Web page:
225 kilograms to 410 kilograms (500 to 900 pounds)
1.2 meters at the shoulder (50 inches)
Up to 21 years in captivity. No data for in the wild.
Rainforests, dense forests, and forest-savannas
About 9 months
Humans, hyenas, leopards, lions
Natural predators take their toll on bongo populations.
Young bongos are vulnerable to pythons, leopards, and hyenas. Lions have also been reported to kill bongos.
Today, the bongo’s biggest threat is humans.
Even though there are taboos against eating bongo meat by locals, the lowland bongo are still subject to snare hunting due to expanding commercial forestry exploitation. They are the primary target of tourist safari hunting in central Africa, and the demand has been increasing during the past decade. Large-scale and continuous hunting has completely eliminated this species in some areas.
Our solutions to protecting the bongo:
African Wildlife Foundation works with governments and villages to designate wildlife corridors — large swaths of land that bongos can use to roam freely and safely from one park, or country, to another. Corridors link protected areas and allow wildlife to follow rains or travel to their calving grounds without disturbing human settlements.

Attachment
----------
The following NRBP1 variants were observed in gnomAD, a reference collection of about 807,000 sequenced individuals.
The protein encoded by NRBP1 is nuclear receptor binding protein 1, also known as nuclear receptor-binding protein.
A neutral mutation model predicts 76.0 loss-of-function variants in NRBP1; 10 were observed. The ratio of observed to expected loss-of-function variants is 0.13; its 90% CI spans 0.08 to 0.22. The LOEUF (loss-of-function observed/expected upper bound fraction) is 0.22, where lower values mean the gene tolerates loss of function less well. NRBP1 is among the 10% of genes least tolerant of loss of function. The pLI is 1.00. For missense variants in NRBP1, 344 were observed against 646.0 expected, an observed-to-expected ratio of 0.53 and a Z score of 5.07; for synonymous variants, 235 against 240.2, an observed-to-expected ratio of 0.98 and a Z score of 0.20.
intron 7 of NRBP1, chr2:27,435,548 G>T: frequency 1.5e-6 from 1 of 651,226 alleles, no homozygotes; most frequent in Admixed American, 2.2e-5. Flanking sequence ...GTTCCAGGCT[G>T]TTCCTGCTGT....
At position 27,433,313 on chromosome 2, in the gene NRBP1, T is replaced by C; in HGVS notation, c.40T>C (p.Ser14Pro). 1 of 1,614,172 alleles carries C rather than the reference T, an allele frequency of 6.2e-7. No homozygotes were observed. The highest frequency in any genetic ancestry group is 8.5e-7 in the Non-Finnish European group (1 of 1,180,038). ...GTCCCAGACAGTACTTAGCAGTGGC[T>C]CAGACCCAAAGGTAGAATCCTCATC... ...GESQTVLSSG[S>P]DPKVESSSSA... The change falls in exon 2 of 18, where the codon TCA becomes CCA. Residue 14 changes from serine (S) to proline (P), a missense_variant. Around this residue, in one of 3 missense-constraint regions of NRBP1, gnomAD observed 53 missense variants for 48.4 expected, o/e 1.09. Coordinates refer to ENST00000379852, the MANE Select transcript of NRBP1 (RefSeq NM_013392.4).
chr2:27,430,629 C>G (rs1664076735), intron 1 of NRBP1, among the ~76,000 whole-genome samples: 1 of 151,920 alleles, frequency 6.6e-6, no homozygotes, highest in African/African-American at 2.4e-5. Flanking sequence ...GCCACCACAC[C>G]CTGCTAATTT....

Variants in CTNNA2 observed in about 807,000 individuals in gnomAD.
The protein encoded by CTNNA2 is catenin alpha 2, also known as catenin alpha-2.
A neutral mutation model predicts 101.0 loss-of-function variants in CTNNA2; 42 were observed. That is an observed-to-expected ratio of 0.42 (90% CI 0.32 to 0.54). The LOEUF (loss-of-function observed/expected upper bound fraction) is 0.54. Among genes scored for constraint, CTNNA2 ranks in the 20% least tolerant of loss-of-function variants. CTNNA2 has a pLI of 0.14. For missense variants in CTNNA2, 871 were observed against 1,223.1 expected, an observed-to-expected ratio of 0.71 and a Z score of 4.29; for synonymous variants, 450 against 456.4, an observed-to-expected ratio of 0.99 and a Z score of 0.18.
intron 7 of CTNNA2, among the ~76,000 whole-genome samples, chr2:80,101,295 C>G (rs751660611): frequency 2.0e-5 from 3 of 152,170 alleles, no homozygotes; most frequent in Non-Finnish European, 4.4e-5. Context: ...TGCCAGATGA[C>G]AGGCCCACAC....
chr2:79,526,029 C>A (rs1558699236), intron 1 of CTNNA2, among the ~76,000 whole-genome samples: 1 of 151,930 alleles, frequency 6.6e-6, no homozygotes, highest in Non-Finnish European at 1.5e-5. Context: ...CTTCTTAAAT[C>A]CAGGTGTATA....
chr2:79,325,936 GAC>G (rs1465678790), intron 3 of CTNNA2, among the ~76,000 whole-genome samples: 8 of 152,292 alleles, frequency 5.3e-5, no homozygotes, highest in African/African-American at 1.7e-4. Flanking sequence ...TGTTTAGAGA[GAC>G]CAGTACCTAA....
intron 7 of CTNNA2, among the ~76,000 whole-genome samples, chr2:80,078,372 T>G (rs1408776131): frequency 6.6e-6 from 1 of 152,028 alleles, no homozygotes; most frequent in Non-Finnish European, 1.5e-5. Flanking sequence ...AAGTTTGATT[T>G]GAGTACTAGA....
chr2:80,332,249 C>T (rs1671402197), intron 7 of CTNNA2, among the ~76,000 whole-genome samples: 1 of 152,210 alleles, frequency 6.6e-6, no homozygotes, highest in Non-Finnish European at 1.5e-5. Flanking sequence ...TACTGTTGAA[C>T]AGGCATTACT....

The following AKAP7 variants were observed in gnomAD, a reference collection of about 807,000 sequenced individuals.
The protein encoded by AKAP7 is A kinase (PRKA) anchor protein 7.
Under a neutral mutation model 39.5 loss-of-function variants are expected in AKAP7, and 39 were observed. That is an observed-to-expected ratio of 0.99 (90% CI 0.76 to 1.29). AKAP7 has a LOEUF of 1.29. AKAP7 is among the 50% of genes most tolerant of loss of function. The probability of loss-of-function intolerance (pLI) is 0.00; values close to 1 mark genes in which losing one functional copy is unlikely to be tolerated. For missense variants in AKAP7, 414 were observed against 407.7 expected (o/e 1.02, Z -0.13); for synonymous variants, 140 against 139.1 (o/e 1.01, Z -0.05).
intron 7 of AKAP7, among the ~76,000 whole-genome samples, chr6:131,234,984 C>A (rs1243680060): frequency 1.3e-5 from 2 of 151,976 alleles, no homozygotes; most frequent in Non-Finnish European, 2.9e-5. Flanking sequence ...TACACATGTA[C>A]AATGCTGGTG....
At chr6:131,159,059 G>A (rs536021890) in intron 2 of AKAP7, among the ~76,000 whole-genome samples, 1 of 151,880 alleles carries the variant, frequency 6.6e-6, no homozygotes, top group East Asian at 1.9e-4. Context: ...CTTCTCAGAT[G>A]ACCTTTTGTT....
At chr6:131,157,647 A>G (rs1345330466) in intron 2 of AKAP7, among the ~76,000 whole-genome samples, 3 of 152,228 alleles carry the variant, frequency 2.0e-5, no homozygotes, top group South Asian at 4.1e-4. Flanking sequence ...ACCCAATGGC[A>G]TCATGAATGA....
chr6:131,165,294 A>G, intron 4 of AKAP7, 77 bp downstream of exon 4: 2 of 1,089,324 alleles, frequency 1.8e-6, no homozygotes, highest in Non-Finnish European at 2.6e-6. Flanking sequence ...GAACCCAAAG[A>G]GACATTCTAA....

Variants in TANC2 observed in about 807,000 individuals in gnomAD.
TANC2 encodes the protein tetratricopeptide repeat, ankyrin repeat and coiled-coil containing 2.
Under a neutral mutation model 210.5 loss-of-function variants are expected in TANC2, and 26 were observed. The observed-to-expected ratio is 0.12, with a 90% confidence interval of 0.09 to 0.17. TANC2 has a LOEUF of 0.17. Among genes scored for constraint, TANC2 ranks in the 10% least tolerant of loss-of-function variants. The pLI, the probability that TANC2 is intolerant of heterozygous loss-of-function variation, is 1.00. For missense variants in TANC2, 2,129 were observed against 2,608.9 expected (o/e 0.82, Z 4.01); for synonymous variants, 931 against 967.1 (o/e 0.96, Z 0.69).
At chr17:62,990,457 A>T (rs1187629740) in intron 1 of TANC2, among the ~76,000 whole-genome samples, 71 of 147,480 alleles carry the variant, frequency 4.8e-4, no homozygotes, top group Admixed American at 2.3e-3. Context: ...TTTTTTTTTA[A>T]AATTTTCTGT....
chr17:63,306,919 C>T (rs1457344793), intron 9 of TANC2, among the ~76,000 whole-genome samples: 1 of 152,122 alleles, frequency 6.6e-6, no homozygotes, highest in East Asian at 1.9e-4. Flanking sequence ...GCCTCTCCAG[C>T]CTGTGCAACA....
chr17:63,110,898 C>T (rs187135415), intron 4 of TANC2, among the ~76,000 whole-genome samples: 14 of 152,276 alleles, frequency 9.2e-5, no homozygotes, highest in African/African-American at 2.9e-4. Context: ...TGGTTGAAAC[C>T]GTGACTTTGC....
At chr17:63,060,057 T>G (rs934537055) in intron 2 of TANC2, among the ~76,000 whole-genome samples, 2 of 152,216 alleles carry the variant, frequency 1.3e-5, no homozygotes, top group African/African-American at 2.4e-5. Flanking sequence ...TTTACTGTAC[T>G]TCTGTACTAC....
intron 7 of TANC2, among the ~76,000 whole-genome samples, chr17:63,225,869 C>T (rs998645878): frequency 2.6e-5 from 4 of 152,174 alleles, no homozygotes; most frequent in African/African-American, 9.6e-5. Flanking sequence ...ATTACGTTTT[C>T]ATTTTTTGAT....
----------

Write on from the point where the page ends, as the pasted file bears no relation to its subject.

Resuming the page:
AWF engages communities living near wildlife to create sustainable practices for agricultural and settlement growth by providing training on best practices and incentivizing conservation agriculture in exchange for community members allowing local wildlife to live peacefully near their communities without encroaching on their territories.